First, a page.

United States District Court, E.D. Wisconsin
VERLESHIA S. ELLIS, Plaintiff,
CITY OF MILWAUKEE, et al., Defendants.
DECISION AND ORDER
ADELMAN District Judge.
Verleshia Ellis has sued the City of Milwaukee, its chief of
police, and three individual police officers under 42 U.S.C.
§ 1983. She alleges that the individual officers
violated her rights under the Fourth and Fourteenth
Amendments during the course of an arrest and search of her
person, and that the City and the Chief of Police are liable
for the violation under Monell v. Department of Social
Services, 436 U.S. 658 (1978). Before me now is the
defendants' motion to compel the plaintiff to produce a
diagram prepared by a witness at the request of the
plaintiff's attorney. The plaintiff contends that the
diagram is protected by the attorney work-product doctrine.
to the allegations of the complaint, on the night of
September 21, 2011, one of the officer defendants ordered the
plaintiff out of a parked car, conducted a pat-down search of
her person, and then handcuffed her and ordered her to wait
on a curb for the arrival of a female officer. When the
female officer arrived, she pulled the plaintiff's pants
down, placed her in the back of a squad car, and conducted a
search of her vagina and rectum. The plaintiff alleges that
this search was performed in front of members of the public.
The plaintiff contends that the initial seizure and pat-down
and the ensuing strip and body-cavity search violated her
rights under the Fourth Amendment.
obtained during discovery in this case shows that, on the
night the plaintiff was searched, Eddie Johnikin was in the
car with the plaintiff. Before the search, Johnikin exited
the car and went into a house, where the police arrested him.
After his arrest, the police placed Johnikin into the back of
a squad car for a period of time before driving him to the
police station for booking. According to Johnikin's
deposition testimony, he was taken away from the scene before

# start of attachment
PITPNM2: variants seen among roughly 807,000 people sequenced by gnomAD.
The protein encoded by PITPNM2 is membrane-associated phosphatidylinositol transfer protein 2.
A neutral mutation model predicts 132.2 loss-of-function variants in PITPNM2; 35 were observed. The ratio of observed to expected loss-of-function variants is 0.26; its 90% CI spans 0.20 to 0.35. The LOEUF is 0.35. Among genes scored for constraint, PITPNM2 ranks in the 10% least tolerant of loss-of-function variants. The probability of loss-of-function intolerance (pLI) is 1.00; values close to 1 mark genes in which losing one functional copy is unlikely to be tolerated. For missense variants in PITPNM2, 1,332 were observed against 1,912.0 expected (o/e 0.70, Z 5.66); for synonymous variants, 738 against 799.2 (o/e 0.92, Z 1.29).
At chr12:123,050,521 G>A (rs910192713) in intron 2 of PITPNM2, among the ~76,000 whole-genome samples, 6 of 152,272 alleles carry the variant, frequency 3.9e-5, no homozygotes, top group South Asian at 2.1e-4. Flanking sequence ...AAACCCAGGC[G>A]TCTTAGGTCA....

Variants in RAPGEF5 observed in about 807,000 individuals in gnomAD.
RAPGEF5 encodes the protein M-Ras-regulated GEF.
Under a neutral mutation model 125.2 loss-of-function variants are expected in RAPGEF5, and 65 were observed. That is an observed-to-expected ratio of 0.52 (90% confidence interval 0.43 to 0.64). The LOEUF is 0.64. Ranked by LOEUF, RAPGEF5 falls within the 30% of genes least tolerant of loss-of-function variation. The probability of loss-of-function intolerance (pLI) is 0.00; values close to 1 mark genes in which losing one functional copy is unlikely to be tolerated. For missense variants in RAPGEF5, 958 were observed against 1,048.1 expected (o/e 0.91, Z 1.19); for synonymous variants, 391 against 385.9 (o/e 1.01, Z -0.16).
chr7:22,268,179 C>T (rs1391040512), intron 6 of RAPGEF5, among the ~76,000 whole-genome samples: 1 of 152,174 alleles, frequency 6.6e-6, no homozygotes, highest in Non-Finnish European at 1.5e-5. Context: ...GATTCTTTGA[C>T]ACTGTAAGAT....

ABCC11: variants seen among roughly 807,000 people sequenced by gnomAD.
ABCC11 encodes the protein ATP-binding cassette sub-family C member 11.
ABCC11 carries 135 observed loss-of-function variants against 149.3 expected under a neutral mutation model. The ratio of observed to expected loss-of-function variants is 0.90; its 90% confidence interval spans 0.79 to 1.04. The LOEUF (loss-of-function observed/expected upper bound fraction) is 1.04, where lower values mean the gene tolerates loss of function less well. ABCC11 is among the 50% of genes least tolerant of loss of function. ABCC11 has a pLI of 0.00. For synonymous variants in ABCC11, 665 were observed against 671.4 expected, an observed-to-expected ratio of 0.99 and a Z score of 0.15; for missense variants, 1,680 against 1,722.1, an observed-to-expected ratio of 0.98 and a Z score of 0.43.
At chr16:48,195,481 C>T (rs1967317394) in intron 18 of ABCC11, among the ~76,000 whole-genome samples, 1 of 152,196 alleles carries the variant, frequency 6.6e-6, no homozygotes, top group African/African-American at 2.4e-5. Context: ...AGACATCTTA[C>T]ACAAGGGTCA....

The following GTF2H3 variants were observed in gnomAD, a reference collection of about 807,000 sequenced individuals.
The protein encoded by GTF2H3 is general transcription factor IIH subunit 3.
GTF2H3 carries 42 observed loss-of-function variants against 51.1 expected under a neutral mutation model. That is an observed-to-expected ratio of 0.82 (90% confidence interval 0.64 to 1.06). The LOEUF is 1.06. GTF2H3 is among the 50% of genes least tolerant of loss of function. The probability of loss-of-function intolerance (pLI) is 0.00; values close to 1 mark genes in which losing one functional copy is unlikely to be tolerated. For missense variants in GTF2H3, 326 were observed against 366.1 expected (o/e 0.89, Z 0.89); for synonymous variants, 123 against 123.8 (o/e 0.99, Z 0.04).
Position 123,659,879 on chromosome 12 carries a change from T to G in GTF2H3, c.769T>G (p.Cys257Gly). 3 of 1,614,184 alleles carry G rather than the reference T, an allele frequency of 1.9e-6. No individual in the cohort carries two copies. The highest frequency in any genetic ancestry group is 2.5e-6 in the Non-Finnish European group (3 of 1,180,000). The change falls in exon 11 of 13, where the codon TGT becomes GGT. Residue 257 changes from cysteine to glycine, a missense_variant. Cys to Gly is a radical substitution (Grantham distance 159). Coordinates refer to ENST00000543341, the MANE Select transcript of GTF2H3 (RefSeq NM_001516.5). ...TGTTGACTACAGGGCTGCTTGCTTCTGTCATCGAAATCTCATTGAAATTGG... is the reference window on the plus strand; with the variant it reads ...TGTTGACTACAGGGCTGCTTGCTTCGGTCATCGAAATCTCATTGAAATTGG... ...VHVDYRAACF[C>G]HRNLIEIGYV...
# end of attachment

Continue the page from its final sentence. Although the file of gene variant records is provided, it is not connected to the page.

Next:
the female officer performed the body-cavity search of the
August 1, 2013, Jeanette Corbett, an attorney representing
the plaintiff, interviewed Johnikin. As part of this
interview, Corbett provided Johnikin with a blank piece of
paper and asked him to sketch a diagram of the scene where he
was arrested and the plaintiff was ultimately searched.
Corbett states that she asked Johnikin to draw "some of
the specific items that [she] thought could be important to
[her] analysis of [the plaintiff's] claims." Corbett
Decl. ¶ 5. Johnikin complied with Corbett's request.
After Johnikin returned the diagram to her, Corbett wrote on
the paper and labelled parts of it. Corbett placed the
diagram in her law firm's file relating to the
plaintiff's case, where it has remained confidential.
March 18, 2016, the defendants took Johnikin's
deposition. At the deposition, defendants' counsel asked
Johnikin to prepare a diagram of the scene, and Johnikin
complied. See Decl. of James End, Ex. 1. Also at the
deposition, defendants' counsel learned that Johnikin had
made a diagram during his interview with Corbett. Upon
learning of that diagram, the defendants requested that the
plaintiff produce it. The plaintiff and her counsel refused
to do so, claiming that it is protected by the attorney
work-product doctrine. The defendants then filed the present
motion to compel.
work-product doctrine is codified at Federal Rule of Civil
Procedure 26(b)(3)(A), which states that, "[o]rdinarily,
a party may not discover documents and tangible things that
are prepared in anticipation of litigation or for trial by or
for another party or its representative (including the other
party's attorney . . .)." However, materials
protected by the work-product doctrine may be discovered if
"the party shows that it has substantial need for the
materials to prepare its case and cannot, without undue
hardship, obtain their substantial equivalent by other
means." Fed.R.Civ.P. 26(b)(3)(A)(ii). "The
work-product doctrine is designed to serve dual purposes: (1)
to protect an attorney's thought processes and mental
impressions against disclosure; and (2) to limit the